I suppose that most folks have not yet gotten enough miles to require brake pad replacement.
I installed organic carbon pads about 5K miles ago on another bike; a Suzuki GZ250. The pads are holding up very well so far.
Supposedly the organic carbon material does not last quite as long as the sintered type pads that seem to be original equipment on just about every bike. But they are so much quieter than the original sintered type; none of that grinding sandpaper noise that the sintered pads make. And the braking is great. Very powerful deceleration and not grabby...they have a great engagement and you just stop!. And they do not seem to chew up the rotor like the sintered type pads; the front rotor is better looking now than it was 5 K miles ago when it had 27K miles on it.
I noticed that EBC makes organic carbon pads for the G310 rear disk but are not yet producing front pads for the G310. I hope that will happen in the next couple of years as the G310s become more popular. The organic carbon pads just have a much smoother feel! Just my humble opinion!
I seem to recall that my pads are the carbon graphite XX material but I see that EBC has the carbon X line which may be similar. Not sure.
Been using EBC for decades. MANY options. Generally speaking, you do not want racing or other "High Performance" pads. If you're riding the G310 to the point where you need them, you bought the wrong bike. IMHO.
I saw this on the EBC (UK) website and thought that it might be very good advice for new owners of the G310 bikes.
EBC makes brake pads and rotors for automobiles as well as motorcycles so this information on how to break in or "bed in" new pads is generic advice for disk brakes on both automobiles as well as motorcycles. Note that it may take over 1500 miles (2400 km) to get good brake performance on new brake pads. Careful break in of new pads will lead to longer life and improved stopping power. So realize that if you are not happy with braking performance on a new bike, it will get better with miles so be patient and follow good break in procedures as follows.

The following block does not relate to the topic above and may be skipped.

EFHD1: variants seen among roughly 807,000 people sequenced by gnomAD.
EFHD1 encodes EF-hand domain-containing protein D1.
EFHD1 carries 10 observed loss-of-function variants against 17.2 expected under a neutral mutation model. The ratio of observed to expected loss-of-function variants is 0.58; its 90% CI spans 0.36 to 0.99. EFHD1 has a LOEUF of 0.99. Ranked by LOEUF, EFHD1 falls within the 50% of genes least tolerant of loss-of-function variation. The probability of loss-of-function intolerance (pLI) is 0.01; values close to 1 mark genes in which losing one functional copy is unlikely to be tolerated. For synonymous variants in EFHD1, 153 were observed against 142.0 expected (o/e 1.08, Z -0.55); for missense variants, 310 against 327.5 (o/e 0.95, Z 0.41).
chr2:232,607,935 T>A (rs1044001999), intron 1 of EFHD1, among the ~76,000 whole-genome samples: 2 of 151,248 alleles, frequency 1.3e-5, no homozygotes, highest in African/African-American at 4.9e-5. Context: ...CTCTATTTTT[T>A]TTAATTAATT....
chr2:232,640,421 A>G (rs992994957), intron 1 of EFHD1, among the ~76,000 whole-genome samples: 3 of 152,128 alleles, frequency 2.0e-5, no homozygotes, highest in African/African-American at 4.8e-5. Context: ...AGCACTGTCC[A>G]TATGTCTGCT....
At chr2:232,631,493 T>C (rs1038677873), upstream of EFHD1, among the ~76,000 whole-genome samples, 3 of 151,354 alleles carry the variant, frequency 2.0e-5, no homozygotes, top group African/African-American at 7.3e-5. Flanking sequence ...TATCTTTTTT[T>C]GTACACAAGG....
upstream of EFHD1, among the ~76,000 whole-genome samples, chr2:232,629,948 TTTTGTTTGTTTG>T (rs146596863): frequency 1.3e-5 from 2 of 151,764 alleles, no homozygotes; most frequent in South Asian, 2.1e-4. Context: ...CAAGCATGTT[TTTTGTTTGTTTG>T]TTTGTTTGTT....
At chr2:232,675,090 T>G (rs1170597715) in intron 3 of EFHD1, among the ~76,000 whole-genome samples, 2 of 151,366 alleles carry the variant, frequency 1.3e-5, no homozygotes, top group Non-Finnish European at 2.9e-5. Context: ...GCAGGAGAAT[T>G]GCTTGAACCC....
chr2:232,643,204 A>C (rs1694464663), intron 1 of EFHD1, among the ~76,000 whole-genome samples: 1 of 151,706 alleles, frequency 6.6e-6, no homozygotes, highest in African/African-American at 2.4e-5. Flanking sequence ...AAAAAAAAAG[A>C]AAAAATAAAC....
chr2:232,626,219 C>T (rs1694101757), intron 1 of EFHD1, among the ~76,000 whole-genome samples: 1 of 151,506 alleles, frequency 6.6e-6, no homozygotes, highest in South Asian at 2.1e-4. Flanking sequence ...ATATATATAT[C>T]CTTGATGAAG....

Bedding in EBC pads In Street use situations …
Bedding in when the red EBC surface coating (marked on the pads as Brake In) is applied. Best procedure is to drive gently avoiding harsh braking unless in an emergency for first 100 miles. In the second 100 miles (up to 200) you can use gently increasing brake pressures when using the brakes.
Only after 200 miles urban driving (not 200 miles on a freeway where brakes are almost unused) should you attempt to apply heavy load and heat to the brakes.To do this final bedding on a QUIET ROAD in safe traffic apply the brakes and slow from 60 to 10 MPH five times in a row. Then drive slowly for a few minutes if safe to do so to allow the brakes to cool. Try to avoid coming to a rest whilst the brakes are heated.